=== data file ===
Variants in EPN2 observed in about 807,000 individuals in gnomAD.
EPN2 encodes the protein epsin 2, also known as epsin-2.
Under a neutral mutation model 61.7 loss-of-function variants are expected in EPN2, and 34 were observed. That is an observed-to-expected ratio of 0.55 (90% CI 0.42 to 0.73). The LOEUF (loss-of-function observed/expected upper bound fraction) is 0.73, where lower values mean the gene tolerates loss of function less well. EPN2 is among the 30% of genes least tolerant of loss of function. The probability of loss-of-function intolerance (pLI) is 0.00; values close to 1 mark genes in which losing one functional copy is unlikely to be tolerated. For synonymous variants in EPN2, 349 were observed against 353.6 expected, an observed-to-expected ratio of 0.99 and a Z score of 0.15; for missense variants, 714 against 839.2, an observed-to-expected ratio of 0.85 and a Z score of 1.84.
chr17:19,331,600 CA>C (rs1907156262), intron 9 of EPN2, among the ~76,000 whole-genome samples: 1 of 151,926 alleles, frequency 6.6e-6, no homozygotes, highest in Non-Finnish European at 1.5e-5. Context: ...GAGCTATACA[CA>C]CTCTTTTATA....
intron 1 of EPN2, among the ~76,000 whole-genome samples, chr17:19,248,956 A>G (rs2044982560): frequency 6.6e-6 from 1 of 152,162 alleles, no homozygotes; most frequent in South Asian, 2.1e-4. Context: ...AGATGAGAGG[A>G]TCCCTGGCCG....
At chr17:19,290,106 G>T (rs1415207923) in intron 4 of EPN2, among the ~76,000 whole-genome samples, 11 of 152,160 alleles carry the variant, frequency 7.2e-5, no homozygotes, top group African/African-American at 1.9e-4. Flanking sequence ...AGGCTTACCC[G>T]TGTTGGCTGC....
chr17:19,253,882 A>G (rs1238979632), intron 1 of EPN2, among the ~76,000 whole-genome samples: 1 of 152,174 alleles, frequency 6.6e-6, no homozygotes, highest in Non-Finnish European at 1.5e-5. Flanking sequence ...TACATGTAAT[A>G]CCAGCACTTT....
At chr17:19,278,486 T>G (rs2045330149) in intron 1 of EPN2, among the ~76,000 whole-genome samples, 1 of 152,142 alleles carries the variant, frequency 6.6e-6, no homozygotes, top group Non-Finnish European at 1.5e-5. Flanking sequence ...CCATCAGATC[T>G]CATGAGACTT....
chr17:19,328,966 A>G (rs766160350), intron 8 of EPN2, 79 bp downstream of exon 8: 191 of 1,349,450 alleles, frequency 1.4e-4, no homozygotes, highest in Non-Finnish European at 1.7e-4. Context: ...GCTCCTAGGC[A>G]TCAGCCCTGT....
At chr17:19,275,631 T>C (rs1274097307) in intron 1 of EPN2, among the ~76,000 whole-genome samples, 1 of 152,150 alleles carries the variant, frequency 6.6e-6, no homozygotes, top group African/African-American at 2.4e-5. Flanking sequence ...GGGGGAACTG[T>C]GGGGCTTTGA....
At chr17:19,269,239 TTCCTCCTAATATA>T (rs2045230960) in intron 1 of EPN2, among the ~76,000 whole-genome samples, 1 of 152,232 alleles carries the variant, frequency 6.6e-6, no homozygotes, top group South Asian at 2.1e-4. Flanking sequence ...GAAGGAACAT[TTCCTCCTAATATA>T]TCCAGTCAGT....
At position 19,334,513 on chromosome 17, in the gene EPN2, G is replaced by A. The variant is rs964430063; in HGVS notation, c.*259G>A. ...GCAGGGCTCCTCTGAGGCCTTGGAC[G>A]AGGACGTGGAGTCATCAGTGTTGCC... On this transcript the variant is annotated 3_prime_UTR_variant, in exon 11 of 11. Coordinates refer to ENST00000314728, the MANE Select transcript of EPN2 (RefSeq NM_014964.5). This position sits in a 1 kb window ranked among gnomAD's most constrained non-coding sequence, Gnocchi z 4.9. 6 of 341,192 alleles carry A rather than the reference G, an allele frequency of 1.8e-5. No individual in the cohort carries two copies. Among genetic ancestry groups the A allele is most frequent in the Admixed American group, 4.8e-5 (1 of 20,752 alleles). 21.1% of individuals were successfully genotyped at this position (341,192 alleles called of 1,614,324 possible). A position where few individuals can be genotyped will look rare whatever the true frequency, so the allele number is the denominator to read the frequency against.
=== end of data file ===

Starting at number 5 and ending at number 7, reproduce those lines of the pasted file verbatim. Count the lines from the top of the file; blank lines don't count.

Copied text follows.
intron 1 of EPN2, among the ~76,000 whole-genome samples, chr17:19,248,956 A>G (rs2044982560): frequency 6.6e-6 from 1 of 152,162 alleles, no homozygotes; most frequent in South Asian, 2.1e-4. Context: ...AGATGAGAGG[A>G]TCCCTGGCCG....
At chr17:19,290,106 G>T (rs1415207923) in intron 4 of EPN2, among the ~76,000 whole-genome samples, 11 of 152,160 alleles carry the variant, frequency 7.2e-5, no homozygotes, top group African/African-American at 1.9e-4. Flanking sequence ...AGGCTTACCC[G>T]TGTTGGCTGC....
chr17:19,253,882 A>G (rs1238979632), intron 1 of EPN2, among the ~76,000 whole-genome samples: 1 of 152,174 alleles, frequency 6.6e-6, no homozygotes, highest in Non-Finnish European at 1.5e-5. Flanking sequence ...TACATGTAAT[A>G]CCAGCACTTT....